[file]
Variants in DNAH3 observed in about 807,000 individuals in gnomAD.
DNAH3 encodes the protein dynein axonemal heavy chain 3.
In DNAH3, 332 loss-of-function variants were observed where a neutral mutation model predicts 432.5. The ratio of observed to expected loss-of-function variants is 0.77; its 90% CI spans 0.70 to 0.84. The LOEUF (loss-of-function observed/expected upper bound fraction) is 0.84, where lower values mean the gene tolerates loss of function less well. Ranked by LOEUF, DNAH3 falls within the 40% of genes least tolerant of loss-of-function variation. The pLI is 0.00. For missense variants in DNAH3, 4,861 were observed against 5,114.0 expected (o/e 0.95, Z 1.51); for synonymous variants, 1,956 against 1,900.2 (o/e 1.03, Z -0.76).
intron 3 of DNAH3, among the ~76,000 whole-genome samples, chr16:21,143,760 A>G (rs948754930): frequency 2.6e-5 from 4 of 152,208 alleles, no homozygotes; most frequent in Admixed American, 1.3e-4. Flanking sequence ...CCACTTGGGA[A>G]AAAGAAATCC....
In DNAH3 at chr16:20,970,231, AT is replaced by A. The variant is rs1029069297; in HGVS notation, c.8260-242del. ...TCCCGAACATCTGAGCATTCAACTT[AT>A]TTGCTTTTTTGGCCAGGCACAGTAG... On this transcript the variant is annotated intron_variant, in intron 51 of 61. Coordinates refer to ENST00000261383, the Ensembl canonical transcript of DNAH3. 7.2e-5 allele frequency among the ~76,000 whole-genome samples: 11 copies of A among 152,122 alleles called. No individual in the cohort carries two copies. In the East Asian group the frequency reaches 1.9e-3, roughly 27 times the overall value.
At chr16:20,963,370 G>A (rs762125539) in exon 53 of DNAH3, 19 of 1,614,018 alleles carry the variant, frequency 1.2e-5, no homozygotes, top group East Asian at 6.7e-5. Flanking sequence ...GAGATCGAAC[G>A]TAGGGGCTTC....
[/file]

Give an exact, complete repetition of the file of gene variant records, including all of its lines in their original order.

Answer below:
Variants in DNAH3 observed in about 807,000 individuals in gnomAD.
DNAH3 encodes the protein dynein axonemal heavy chain 3.
In DNAH3, 332 loss-of-function variants were observed where a neutral mutation model predicts 432.5. The ratio of observed to expected loss-of-function variants is 0.77; its 90% CI spans 0.70 to 0.84. The LOEUF (loss-of-function observed/expected upper bound fraction) is 0.84, where lower values mean the gene tolerates loss of function less well. Ranked by LOEUF, DNAH3 falls within the 40% of genes least tolerant of loss-of-function variation. The pLI is 0.00. For missense variants in DNAH3, 4,861 were observed against 5,114.0 expected (o/e 0.95, Z 1.51); for synonymous variants, 1,956 against 1,900.2 (o/e 1.03, Z -0.76).
intron 3 of DNAH3, among the ~76,000 whole-genome samples, chr16:21,143,760 A>G (rs948754930): frequency 2.6e-5 from 4 of 152,208 alleles, no homozygotes; most frequent in Admixed American, 1.3e-4. Flanking sequence ...CCACTTGGGA[A>G]AAAGAAATCC....
In DNAH3 at chr16:20,970,231, AT is replaced by A. The variant is rs1029069297; in HGVS notation, c.8260-242del. ...TCCCGAACATCTGAGCATTCAACTT[AT>A]TTGCTTTTTTGGCCAGGCACAGTAG... On this transcript the variant is annotated intron_variant, in intron 51 of 61. Coordinates refer to ENST00000261383, the Ensembl canonical transcript of DNAH3. 7.2e-5 allele frequency among the ~76,000 whole-genome samples: 11 copies of A among 152,122 alleles called. No individual in the cohort carries two copies. In the East Asian group the frequency reaches 1.9e-3, roughly 27 times the overall value.
At chr16:20,963,370 G>A (rs762125539) in exon 53 of DNAH3, 19 of 1,614,018 alleles carry the variant, frequency 1.2e-5, no homozygotes, top group East Asian at 6.7e-5. Flanking sequence ...GAGATCGAAC[G>A]TAGGGGCTTC....